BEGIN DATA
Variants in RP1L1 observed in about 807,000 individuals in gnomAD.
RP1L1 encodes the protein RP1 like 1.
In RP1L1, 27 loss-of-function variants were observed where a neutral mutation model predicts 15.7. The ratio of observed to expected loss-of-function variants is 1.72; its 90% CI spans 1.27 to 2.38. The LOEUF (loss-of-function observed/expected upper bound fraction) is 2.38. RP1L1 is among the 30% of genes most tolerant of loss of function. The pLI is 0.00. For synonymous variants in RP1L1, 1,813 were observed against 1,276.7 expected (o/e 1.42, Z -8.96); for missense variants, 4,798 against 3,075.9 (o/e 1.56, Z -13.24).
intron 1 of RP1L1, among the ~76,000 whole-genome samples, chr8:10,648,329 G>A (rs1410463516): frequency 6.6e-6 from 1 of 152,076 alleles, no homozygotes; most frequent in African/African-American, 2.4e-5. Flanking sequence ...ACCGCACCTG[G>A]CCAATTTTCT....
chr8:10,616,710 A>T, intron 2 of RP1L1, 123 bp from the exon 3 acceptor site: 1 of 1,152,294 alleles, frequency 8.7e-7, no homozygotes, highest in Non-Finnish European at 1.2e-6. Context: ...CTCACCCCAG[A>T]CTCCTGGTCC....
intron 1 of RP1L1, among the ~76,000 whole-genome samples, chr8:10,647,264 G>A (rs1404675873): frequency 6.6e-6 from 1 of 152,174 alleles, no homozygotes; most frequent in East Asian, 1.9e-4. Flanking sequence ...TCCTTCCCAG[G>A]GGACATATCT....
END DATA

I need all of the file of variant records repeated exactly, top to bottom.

Variants in RP1L1 observed in about 807,000 individuals in gnomAD.
RP1L1 encodes the protein RP1 like 1.
In RP1L1, 27 loss-of-function variants were observed where a neutral mutation model predicts 15.7. The ratio of observed to expected loss-of-function variants is 1.72; its 90% CI spans 1.27 to 2.38. The LOEUF (loss-of-function observed/expected upper bound fraction) is 2.38. RP1L1 is among the 30% of genes most tolerant of loss of function. The pLI is 0.00. For synonymous variants in RP1L1, 1,813 were observed against 1,276.7 expected (o/e 1.42, Z -8.96); for missense variants, 4,798 against 3,075.9 (o/e 1.56, Z -13.24).
intron 1 of RP1L1, among the ~76,000 whole-genome samples, chr8:10,648,329 G>A (rs1410463516): frequency 6.6e-6 from 1 of 152,076 alleles, no homozygotes; most frequent in African/African-American, 2.4e-5. Flanking sequence ...ACCGCACCTG[G>A]CCAATTTTCT....
chr8:10,616,710 A>T, intron 2 of RP1L1, 123 bp from the exon 3 acceptor site: 1 of 1,152,294 alleles, frequency 8.7e-7, no homozygotes, highest in Non-Finnish European at 1.2e-6. Context: ...CTCACCCCAG[A>T]CTCCTGGTCC....
intron 1 of RP1L1, among the ~76,000 whole-genome samples, chr8:10,647,264 G>A (rs1404675873): frequency 6.6e-6 from 1 of 152,174 alleles, no homozygotes; most frequent in East Asian, 1.9e-4. Flanking sequence ...TCCTTCCCAG[G>A]GGACATATCT....